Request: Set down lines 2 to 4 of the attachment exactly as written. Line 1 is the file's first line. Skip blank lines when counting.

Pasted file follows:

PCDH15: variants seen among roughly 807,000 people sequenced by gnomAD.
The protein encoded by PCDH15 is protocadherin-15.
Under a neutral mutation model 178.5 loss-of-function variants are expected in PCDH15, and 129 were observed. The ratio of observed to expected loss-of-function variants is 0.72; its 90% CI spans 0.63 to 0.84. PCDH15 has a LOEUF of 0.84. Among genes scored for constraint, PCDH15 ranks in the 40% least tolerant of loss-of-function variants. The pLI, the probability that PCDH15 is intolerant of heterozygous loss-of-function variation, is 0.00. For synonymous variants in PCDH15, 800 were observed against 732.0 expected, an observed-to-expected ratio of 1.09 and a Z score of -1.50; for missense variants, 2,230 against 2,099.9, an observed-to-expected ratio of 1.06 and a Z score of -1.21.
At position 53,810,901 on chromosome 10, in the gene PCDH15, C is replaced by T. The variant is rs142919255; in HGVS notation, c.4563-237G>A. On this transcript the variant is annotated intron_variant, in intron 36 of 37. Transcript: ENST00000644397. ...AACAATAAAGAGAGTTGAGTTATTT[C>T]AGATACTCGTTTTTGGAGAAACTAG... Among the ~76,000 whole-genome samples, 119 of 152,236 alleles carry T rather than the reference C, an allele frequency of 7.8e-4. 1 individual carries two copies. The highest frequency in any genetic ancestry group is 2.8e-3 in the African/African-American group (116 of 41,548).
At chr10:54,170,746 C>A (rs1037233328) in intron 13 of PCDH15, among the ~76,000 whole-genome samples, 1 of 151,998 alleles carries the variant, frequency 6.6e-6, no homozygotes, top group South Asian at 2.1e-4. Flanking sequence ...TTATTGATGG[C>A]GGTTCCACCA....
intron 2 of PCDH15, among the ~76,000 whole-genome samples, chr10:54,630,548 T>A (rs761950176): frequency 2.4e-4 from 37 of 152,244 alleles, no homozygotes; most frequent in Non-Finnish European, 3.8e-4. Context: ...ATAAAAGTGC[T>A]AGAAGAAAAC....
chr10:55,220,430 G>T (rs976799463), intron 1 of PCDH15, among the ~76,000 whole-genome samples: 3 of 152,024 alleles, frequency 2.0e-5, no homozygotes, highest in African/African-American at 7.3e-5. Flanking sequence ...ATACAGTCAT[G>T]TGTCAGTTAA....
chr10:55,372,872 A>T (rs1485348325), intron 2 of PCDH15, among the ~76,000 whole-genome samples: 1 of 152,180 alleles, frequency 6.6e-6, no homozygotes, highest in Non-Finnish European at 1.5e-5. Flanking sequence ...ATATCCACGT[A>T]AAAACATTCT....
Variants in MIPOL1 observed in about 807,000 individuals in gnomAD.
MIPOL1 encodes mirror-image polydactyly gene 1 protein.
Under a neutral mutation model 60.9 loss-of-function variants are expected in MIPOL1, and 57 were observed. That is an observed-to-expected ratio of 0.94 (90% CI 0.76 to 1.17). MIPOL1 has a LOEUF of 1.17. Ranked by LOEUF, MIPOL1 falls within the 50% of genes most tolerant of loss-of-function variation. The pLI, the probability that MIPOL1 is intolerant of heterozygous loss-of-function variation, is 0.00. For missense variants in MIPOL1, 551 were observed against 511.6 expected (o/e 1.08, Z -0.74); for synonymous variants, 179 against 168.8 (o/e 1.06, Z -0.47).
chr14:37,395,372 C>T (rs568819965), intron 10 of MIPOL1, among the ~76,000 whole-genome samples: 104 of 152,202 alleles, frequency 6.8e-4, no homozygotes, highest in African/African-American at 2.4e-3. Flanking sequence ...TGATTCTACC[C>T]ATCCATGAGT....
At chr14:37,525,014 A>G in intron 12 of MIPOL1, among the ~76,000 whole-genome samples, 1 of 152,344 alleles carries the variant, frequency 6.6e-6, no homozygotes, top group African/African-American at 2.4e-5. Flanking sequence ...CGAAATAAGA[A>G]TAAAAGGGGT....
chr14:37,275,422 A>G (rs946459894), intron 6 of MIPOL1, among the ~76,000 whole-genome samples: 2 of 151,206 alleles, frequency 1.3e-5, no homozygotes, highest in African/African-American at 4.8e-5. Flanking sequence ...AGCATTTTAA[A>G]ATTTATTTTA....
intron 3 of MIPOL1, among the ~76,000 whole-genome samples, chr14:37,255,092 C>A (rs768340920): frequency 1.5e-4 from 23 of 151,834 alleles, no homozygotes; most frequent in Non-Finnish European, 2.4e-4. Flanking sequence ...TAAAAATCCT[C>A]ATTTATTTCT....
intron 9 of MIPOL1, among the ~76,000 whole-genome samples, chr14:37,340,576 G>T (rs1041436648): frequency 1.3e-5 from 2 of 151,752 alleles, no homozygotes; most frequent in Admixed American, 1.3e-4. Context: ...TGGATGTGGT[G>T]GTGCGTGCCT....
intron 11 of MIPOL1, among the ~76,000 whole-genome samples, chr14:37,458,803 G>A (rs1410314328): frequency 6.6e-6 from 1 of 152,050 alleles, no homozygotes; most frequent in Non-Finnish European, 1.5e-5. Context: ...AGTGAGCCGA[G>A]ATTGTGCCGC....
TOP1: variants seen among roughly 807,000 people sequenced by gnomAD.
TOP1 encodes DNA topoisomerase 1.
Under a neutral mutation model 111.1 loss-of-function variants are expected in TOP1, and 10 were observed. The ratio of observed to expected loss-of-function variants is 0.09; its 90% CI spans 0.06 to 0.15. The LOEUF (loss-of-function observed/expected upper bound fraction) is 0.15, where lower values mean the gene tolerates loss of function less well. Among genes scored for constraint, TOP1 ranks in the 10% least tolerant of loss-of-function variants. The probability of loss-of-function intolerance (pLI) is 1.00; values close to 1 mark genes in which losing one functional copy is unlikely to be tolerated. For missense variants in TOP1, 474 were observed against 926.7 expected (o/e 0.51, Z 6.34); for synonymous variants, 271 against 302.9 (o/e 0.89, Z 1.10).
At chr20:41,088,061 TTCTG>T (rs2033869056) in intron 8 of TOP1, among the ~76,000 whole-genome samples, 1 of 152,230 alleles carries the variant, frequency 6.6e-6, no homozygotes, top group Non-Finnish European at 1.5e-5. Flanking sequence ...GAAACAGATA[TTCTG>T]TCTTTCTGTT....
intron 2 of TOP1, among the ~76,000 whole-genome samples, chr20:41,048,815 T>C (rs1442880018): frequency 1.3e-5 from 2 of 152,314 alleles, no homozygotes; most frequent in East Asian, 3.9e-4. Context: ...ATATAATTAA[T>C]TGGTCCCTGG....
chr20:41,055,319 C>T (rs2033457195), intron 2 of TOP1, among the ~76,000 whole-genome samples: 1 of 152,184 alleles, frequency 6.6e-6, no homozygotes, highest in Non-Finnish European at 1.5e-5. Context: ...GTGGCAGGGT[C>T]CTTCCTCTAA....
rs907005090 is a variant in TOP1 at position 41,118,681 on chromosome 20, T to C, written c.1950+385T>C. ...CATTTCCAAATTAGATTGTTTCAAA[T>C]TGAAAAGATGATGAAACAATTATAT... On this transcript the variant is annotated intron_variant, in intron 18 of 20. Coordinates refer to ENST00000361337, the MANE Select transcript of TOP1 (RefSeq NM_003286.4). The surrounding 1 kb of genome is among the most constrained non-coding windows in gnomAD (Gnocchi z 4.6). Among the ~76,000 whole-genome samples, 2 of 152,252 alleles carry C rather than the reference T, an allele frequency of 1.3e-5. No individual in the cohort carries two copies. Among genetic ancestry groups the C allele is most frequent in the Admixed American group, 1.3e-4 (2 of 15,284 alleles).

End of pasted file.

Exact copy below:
The protein encoded by PCDH15 is protocadherin-15.
Under a neutral mutation model 178.5 loss-of-function variants are expected in PCDH15, and 129 were observed. The ratio of observed to expected loss-of-function variants is 0.72; its 90% CI spans 0.63 to 0.84. PCDH15 has a LOEUF of 0.84. Among genes scored for constraint, PCDH15 ranks in the 40% least tolerant of loss-of-function variants. The pLI, the probability that PCDH15 is intolerant of heterozygous loss-of-function variation, is 0.00. For synonymous variants in PCDH15, 800 were observed against 732.0 expected, an observed-to-expected ratio of 1.09 and a Z score of -1.50; for missense variants, 2,230 against 2,099.9, an observed-to-expected ratio of 1.06 and a Z score of -1.21.
At position 53,810,901 on chromosome 10, in the gene PCDH15, C is replaced by T. The variant is rs142919255; in HGVS notation, c.4563-237G>A. On this transcript the variant is annotated intron_variant, in intron 36 of 37. Transcript: ENST00000644397. ...AACAATAAAGAGAGTTGAGTTATTT[C>T]AGATACTCGTTTTTGGAGAAACTAG... Among the ~76,000 whole-genome samples, 119 of 152,236 alleles carry T rather than the reference C, an allele frequency of 7.8e-4. 1 individual carries two copies. The highest frequency in any genetic ancestry group is 2.8e-3 in the African/African-American group (116 of 41,548).